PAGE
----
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|Medvedev adapts to life in America before Flyers camp
1 ñåíòÿáðÿ 2015 ãîäà. Courier-Post. By Dave Isaac
VOORHEES — Imagine stepping onto the ice with new teammates in a country you’ve never been to before, the only common thread being the sport you’ve played all your lives.
Practically any verbal communication is for naught at this point because you don’t speak their language. The only person around with whom you share a native tongue is a skating coach, who just so happens to be around.
Welcome to America, Evgeni Medvedev.
The 33-year-old Russian defenseman signed a one-year, $3 million contract with the Flyers in May, without much background other than talking to ex-Flyer Dmitry Yuskevich about how much different life is in the NHL.
The two played together on the Russian national team and on Severstal Cherepovets in Russia, before the Kontinental Hockey League was formed in 2008.
So why after all these years did Medvedev decide to come to the NHL?
“It was my dream from childhood,” Medvedev said through Slava Kouznetsov, a power-skating coach who acts as his translator for now. “I wanted to come to the best league on Earth to see if I can play the best hockey ever.”
Medvedev had offers in the past, but wanted to honor his contract with Ak Bars Kazan in the KHL. His deal expired this summer and he chose the Flyers out of the five NHL offers he received.
“I’m not the guy to just dump the team,” he said. “I’m responsible. I finished the contract and the opportunity came available and I chose Philadelphia over everybody else.”
He also chose to come to the U.S. early before his first NHL season kicks off. The Flyers don’t officially start their training camp until physicals on Sept. 17. They’ll begin on-ice activities at the Voorhees Skate Zone on Sept. 18.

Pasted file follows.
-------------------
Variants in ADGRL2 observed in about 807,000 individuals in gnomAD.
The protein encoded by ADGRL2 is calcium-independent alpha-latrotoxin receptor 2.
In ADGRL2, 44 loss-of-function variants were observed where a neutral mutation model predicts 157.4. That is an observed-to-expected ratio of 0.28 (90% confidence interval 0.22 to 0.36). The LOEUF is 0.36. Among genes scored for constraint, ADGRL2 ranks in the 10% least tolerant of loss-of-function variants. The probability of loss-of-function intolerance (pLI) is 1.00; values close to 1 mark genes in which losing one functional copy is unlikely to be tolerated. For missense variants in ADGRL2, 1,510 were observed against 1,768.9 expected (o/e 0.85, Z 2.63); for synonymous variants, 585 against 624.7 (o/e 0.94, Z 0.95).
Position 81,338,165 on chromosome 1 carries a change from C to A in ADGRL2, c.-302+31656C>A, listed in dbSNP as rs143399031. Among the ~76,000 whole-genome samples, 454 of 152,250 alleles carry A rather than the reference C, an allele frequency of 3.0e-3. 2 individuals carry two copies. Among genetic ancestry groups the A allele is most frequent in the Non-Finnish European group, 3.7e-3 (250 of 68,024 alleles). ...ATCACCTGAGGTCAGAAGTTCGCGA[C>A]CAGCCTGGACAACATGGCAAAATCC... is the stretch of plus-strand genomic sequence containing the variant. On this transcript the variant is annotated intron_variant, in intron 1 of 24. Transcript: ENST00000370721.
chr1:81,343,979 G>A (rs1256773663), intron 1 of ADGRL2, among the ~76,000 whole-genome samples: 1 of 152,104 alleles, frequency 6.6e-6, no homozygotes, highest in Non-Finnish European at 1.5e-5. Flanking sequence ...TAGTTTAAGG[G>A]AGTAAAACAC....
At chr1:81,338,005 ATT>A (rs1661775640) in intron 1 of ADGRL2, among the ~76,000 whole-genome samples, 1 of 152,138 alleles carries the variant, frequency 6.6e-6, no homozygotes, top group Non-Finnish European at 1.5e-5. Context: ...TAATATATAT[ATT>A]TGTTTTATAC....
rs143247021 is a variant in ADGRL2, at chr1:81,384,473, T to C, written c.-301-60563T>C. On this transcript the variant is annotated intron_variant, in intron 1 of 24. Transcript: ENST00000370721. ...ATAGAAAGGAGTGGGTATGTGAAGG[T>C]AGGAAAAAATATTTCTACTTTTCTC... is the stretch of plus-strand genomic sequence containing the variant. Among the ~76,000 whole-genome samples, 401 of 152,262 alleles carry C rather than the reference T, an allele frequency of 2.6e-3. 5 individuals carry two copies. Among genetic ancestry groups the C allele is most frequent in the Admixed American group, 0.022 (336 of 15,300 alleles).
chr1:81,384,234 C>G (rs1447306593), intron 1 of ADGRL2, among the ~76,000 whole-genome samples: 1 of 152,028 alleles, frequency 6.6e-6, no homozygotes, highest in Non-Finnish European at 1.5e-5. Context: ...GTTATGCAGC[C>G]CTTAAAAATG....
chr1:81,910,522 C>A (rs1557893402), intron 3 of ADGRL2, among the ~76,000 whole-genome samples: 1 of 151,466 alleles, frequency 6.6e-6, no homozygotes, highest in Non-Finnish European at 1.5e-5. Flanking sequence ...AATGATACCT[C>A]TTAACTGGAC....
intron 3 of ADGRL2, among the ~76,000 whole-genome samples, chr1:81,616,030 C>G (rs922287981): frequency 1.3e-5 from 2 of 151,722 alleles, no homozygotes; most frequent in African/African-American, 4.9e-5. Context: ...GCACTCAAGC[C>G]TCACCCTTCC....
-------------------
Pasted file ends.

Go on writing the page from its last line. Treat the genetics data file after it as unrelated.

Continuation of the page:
“It’s different than in Russia,” said Medvedev, who is taking daily English lessons. “I like it so far. Everything is just over and above. It’s the first time I’m in the United States and everything is up to expectation and above expectation.”
The question is: will he live up to expectations?
The $3 million the Flyers gave the 6-foot-3, 198-pound blueliner is the second-highest amount they’ve ever given to a first-year player. Eric Lindros got $3.5 million in 1992. Clearly Medvedev is a big part of the Flyers’ plans.
“I think a lot of teams were looking at him for a few years,” GM Ron Hextall said back in May when he signed Medvedev. “We certainly talked about him a lot this summer, or I should say this spring and leading into the World Championships. He’s been a hot topic around here.”
Medvedev had three assists in seven games for Russia in the World Championships, in which Russia lost to Canada in the gold medal game. He was a puck-moving, smooth-skating defenseman in Europe on the big ice and the Flyers hope he can do the same on the smaller ice.
After one of his first skates with new teammates Radko Gudas, Nick Schultz, Chris VandeVelde and Ryan White, Medvedev sat in new coach Dave Hakstol’s office for quite a while going over X’s and O’s while Kouznetsov translated. Hakstol gave some early instruction about when to join the rush and when not to.
“It would be the weak side D,” Medvedev said through Kouznetsov. “One would join the attack; the other is going to be staying at home. If I’m the one that’s going to attack, I’ll attack. If I’m going to be the one to stay home, I’ll stay home.”
The game may change from what he’s used to, but Medvedev has no qualms about adjusting to a smaller rink. He has actually spoken to KHL teams and the KHL players’ association about making their rinks smaller and, in turn, making the game faster.
When he heard the question about whether the smaller rink would be a problem, Medvedev nodded in recognition. He’s heard this concern in multiple languages.
“No problem,” he said without the translator. “Good small.”